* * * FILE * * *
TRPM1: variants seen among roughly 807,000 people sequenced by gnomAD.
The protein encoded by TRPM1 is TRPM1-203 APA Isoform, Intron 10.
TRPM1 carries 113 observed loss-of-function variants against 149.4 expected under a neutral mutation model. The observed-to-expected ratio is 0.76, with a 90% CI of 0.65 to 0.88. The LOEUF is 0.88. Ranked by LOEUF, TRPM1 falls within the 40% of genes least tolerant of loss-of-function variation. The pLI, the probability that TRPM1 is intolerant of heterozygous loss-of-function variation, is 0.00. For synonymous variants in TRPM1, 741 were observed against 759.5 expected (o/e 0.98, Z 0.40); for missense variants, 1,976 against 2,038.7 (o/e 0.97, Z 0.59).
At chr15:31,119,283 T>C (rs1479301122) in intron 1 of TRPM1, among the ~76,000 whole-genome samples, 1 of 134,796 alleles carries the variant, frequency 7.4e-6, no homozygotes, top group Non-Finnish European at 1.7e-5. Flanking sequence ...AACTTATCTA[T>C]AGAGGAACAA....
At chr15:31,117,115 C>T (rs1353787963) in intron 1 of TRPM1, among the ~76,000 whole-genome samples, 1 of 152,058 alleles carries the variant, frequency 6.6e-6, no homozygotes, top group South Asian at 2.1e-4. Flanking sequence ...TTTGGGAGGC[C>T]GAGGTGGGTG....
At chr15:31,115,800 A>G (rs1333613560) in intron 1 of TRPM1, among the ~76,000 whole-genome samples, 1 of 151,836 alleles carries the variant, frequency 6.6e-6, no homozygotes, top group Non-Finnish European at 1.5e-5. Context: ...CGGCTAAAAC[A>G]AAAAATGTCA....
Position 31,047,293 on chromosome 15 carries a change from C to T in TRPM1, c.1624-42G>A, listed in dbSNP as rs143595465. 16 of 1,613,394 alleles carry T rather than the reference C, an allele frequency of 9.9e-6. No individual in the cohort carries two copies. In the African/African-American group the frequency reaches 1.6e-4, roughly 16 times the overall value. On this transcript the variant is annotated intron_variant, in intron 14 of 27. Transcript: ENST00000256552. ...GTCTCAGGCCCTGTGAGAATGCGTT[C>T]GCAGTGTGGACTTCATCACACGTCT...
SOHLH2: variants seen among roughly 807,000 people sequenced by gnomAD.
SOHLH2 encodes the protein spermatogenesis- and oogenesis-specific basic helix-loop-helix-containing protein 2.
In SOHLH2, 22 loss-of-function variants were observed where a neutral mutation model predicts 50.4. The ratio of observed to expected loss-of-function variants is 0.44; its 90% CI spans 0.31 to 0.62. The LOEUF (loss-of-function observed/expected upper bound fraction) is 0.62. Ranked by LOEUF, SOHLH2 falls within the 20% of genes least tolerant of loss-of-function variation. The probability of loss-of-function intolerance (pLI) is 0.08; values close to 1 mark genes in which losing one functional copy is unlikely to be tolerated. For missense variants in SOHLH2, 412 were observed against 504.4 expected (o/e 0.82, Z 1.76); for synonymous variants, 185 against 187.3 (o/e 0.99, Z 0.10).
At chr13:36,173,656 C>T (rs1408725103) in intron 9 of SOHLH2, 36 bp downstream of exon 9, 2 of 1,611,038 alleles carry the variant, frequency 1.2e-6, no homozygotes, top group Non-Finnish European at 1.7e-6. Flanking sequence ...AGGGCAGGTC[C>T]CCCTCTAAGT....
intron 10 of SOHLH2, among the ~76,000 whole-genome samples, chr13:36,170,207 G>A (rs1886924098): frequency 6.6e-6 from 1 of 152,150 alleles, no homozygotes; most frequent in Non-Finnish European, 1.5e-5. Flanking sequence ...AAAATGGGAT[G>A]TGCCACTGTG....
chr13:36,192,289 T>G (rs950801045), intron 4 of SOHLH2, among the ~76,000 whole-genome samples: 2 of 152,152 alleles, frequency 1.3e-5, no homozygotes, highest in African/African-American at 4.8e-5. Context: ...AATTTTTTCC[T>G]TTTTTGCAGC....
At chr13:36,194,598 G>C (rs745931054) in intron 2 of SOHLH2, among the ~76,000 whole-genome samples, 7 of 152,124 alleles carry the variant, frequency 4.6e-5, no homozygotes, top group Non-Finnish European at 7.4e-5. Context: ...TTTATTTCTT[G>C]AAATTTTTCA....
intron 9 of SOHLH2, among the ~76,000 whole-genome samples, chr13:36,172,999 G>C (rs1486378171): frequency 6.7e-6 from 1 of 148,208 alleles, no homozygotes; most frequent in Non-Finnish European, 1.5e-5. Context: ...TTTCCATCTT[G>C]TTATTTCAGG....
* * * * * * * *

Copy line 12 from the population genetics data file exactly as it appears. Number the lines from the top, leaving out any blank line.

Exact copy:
intron 10 of SOHLH2, among the ~76,000 whole-genome samples, chr13:36,170,207 G>A (rs1886924098): frequency 6.6e-6 from 1 of 152,150 alleles, no homozygotes; most frequent in Non-Finnish European, 1.5e-5. Flanking sequence ...AAAATGGGAT[G>A]TGCCACTGTG....